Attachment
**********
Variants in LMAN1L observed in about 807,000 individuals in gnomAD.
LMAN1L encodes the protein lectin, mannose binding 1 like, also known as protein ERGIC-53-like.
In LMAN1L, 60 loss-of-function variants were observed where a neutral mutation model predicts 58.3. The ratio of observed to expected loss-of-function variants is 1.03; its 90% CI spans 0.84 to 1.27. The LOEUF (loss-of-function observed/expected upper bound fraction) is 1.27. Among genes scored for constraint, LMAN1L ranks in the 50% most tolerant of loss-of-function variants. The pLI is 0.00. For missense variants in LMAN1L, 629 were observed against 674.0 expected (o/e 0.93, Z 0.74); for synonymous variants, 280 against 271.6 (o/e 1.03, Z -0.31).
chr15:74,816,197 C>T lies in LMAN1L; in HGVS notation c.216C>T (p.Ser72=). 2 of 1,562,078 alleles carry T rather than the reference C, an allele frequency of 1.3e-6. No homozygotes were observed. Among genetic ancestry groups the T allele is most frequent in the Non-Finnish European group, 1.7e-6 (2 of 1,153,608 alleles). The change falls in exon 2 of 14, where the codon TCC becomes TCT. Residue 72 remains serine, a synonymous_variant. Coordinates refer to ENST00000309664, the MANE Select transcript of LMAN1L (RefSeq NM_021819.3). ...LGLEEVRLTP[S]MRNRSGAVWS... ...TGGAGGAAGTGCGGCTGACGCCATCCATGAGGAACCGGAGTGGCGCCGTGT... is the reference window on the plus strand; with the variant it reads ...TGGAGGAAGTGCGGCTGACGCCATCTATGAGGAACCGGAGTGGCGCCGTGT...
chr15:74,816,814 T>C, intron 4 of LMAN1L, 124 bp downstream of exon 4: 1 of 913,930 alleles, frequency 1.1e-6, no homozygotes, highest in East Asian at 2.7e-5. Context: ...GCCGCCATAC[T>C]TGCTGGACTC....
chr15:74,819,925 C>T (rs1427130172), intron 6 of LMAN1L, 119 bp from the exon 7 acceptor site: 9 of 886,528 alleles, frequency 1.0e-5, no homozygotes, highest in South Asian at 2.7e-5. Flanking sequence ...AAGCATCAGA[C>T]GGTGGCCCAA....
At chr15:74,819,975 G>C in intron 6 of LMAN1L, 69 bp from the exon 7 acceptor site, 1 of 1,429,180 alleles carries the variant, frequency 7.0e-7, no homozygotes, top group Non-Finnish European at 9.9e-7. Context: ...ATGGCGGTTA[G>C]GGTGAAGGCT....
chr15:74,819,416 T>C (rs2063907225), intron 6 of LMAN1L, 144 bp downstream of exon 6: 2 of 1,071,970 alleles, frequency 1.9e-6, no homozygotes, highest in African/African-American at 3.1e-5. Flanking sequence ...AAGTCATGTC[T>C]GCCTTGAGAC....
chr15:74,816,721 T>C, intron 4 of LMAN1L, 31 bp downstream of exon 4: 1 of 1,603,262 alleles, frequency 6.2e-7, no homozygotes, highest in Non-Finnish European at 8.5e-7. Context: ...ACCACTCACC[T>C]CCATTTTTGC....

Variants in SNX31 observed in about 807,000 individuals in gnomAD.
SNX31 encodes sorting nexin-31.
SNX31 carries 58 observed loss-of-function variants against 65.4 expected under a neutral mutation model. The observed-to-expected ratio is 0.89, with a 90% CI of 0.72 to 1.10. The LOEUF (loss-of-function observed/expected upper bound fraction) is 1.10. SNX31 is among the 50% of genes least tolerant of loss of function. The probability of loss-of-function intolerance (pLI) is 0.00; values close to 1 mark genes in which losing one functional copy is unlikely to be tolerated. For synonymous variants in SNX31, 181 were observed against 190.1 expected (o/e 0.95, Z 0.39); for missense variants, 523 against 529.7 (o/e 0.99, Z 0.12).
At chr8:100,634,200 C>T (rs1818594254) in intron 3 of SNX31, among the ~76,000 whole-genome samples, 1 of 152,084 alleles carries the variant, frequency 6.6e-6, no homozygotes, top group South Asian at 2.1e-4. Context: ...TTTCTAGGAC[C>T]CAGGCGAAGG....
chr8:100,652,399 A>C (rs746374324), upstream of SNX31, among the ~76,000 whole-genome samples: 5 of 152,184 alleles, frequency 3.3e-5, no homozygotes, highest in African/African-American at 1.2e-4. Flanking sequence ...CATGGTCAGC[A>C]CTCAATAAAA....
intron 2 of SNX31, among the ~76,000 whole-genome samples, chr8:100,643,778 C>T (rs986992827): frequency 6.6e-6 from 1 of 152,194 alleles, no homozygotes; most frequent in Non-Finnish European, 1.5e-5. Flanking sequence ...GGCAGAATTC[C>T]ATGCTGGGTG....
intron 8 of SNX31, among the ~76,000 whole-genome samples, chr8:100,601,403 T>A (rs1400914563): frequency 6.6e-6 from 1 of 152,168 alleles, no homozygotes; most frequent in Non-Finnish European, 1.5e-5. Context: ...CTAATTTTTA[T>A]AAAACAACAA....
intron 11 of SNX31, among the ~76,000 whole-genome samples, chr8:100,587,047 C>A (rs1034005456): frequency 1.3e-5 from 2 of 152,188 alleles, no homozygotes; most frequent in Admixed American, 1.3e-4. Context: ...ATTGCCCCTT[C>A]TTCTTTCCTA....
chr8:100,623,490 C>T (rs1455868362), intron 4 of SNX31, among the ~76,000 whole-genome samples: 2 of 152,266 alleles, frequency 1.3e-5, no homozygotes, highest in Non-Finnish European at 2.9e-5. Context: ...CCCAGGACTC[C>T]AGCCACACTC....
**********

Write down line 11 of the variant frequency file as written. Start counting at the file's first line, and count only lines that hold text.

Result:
SNX31 encodes sorting nexin-31.